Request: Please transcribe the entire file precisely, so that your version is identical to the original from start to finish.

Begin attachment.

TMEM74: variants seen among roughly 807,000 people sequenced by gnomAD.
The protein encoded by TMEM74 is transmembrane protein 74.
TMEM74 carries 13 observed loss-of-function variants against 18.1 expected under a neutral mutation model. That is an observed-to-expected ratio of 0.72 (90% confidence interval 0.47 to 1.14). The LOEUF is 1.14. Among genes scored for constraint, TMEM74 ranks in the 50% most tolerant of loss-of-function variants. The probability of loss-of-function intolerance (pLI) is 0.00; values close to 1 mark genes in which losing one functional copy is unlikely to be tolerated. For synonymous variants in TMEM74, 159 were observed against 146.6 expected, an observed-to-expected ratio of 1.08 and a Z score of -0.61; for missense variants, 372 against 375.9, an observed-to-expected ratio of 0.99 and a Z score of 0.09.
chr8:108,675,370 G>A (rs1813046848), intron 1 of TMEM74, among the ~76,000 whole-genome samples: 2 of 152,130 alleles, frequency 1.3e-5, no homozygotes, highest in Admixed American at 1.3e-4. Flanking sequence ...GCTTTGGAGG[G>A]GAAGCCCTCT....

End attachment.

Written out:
TMEM74: variants seen among roughly 807,000 people sequenced by gnomAD.
The protein encoded by TMEM74 is transmembrane protein 74.
TMEM74 carries 13 observed loss-of-function variants against 18.1 expected under a neutral mutation model. That is an observed-to-expected ratio of 0.72 (90% confidence interval 0.47 to 1.14). The LOEUF is 1.14. Among genes scored for constraint, TMEM74 ranks in the 50% most tolerant of loss-of-function variants. The probability of loss-of-function intolerance (pLI) is 0.00; values close to 1 mark genes in which losing one functional copy is unlikely to be tolerated. For synonymous variants in TMEM74, 159 were observed against 146.6 expected, an observed-to-expected ratio of 1.08 and a Z score of -0.61; for missense variants, 372 against 375.9, an observed-to-expected ratio of 0.99 and a Z score of 0.09.
chr8:108,675,370 G>A (rs1813046848), intron 1 of TMEM74, among the ~76,000 whole-genome samples: 2 of 152,130 alleles, frequency 1.3e-5, no homozygotes, highest in Admixed American at 1.3e-4. Flanking sequence ...GCTTTGGAGG[G>A]GAAGCCCTCT....